For consumers, the issue of genetically modified foods (GMOs) is about providing them with a choice. Either they can consume GMOs or they can opt for more conventional food types. Producers need to ensure that the transgenic varieties of such crops are neither crossed with, nor pose a threat to conventional crops. Whether through wind-borne pollination or through insect-derived cross-pollination, conventional crop integrity must be ensured by minimising the flow of genes from transgenic varieties.
Europe has allowed new and improved transgenic crops to be grown. This has led to increasing public and scientific concern regarding the potential and/ or perceived risks that GMOs might pose for the environment. The World Resource Institute (WRI) has recently stated that the formulation of strategies to prevent transgenic material from moving into the genomes of related species should be of the highest priority. In both Europe and the United States, the issue of transgenic containment is becoming increasingly important.
TransContainer is a European Commission-funded project, which is developing efficient and stable biological containment systems. It is facilitating the improvement and simplification of the rules for coexistence between the GM and the non-GM agriculture sectors in Europe.
The project's main objective is to develop stable, environmentally safe and commercially viable biological containment strategies for crops that are economically relevant to Europe. Over the last 15 years a number of strategies have been proposed for biological containment, most of which have been tested for effectiveness using model plant species. TransContainer aims to implement and test the most promising strategies, comprising three state-of-the-art biological containment technologies.
These technologies include chloroplast transformation systems, which were previously developed for crops such as tobacco and potato. The project is now extending the technique to oilseed, rape and sugar beet. Transcontainer also aims to implement controllable flowering technology on a large scale, to include important crops like sugar beet, red fescue, and perennial ryegrass, as well as trees such as birch and poplar. Transgenic transmission can also be controlled by way of pollen and controllable fertility by focussing on various methods of male sterility, which in addition to conferring pollen containment, also allow for the development of an effective hybrid breeding system.
THE TRACK OF INNOVATION
The biosafety of the biologically contained GM plants is assessed in accordance with the risk assessment guidance of the European Food Safety Authority (EFSA). Additional parameters for environmental risk assessment, based on containment technology, are being developed. The potential for these biologically contained GM plants to facilitate co-existence with non-genetically modified, sexually compatible plants is also being evaluated. In addition, the socioeconomic impacts of the biologically contained GM plants are being assessed using the 'Real Option Model'.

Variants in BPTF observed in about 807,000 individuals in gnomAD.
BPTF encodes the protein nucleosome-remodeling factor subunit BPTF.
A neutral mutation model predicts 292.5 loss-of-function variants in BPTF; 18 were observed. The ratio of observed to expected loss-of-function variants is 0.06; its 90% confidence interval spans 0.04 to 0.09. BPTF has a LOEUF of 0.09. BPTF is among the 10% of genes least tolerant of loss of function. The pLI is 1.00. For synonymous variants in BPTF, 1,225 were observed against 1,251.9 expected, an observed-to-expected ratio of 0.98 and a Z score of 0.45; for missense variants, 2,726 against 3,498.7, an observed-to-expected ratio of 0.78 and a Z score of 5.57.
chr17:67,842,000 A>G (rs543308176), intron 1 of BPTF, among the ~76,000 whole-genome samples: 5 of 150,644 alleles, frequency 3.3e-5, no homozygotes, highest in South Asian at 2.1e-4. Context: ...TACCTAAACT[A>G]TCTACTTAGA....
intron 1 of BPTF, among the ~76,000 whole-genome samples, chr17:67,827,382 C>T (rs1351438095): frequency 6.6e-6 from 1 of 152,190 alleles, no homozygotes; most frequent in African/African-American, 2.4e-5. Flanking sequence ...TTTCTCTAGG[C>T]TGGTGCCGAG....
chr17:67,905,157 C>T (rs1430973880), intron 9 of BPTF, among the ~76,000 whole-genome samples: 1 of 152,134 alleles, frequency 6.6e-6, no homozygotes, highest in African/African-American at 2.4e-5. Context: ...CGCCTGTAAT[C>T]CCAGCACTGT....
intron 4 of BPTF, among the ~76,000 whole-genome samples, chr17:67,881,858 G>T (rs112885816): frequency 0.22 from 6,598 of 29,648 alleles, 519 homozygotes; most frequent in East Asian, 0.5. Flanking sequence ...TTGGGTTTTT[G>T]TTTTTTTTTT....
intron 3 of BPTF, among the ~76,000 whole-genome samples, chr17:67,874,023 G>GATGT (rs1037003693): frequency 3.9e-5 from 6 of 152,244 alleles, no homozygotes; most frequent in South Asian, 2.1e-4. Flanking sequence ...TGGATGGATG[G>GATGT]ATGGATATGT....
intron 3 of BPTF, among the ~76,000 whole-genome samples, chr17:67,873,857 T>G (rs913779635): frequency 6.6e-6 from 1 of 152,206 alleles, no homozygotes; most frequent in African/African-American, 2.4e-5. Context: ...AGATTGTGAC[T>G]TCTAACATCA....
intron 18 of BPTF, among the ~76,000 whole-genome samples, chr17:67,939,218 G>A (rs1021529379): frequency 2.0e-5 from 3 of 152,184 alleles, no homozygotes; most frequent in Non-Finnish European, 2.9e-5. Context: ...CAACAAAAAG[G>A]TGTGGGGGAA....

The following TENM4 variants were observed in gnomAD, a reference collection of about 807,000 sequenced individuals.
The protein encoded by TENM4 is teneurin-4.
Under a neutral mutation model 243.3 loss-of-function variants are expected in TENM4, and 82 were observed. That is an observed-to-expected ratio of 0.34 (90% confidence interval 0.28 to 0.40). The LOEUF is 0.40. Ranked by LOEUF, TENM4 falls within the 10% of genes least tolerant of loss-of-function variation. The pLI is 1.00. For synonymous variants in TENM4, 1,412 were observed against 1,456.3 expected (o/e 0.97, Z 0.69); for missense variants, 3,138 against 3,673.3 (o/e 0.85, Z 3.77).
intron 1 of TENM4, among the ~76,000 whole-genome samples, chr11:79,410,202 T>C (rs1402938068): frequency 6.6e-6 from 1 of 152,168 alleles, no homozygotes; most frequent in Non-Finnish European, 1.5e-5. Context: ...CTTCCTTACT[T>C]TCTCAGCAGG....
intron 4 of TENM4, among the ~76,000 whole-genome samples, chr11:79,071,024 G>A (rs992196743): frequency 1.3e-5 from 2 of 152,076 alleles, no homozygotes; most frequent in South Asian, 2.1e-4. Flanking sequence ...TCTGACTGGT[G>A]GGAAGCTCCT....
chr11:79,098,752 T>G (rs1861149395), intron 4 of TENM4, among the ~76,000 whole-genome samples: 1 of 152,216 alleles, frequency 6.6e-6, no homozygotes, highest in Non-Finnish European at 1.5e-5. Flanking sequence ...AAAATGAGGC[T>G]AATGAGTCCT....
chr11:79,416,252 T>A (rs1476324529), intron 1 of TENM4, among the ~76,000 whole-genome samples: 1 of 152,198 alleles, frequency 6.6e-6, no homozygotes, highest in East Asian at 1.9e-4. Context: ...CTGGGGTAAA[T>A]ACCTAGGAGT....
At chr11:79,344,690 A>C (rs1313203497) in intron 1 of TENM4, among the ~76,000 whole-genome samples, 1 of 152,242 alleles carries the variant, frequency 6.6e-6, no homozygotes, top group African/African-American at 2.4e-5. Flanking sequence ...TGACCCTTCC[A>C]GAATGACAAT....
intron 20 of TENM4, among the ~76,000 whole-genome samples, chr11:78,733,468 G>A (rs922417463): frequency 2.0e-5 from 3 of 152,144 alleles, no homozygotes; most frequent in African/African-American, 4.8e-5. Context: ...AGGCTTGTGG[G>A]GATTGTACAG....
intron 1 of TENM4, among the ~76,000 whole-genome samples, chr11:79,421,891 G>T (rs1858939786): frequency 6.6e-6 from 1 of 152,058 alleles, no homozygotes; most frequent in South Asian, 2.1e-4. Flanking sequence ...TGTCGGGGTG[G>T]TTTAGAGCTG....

This model, which has been developed by the EU ECOGEN research project, estimates the 'maximum incremental social tolerable irreversible costs' for the usage of genetically modified plants. It takes into account reversible and irreversible costs and benefits for the private sector (technology providers, farmers, agro-food chain operators, occupational safety for farmers, investment in cultivation machinery, etc.) and the public sector (regulations, environment, biodiversity, etc.). With a view to biologically contained GM crops, the Real Option Model includes a second stage, the reversible and irreversible public and private costs and benefits related to compliance with co-existence requirements.
Containment can only be effective with the involvement of both stakeholders and the public. The projects results must be effectively communicated by enhancing the understanding and acceptance of biological containment strategies, and by increasing the potential of biologically contained crops for adoption by the European market. The results are disseminated via workshops, the project's website and through the production of a DVD.
List of Partners
- Plant Research International (The Netherlands)
- Wageningen (The Netherlands)
- Swedish University of Agricultural Sciences, Umeň (Sweden)
- Research Institute for Vegetable Crops, Istituto Sperimentale per l'Orticoltura ISO, RIVC (Italy)
- Vienna University, Campus Vienna Biocenter (Austria)
- University of Milan (Italy)
- National University of Ireland (Ireland)
- CNR-IGV (Italy)
- BVL (Germany)
- UOP (Bulgaria)
- SBC (The Netherlands)
- SBC (The Netherlands)
- DLF (Denmark)
- Full title:
- Developing efficient and stable biological containment systems for genetically modified plants.
- Contract n░:
- Project co-ordinator:
- Ruud de Maagd, Plant Research International B.V., Ruud.deMaagd@wur.nl
- EC Scientific Officer:
- Ciaran Mangan, email@example.com
- EU contribution:
- € 4.1M
- Specific Targeted Research Project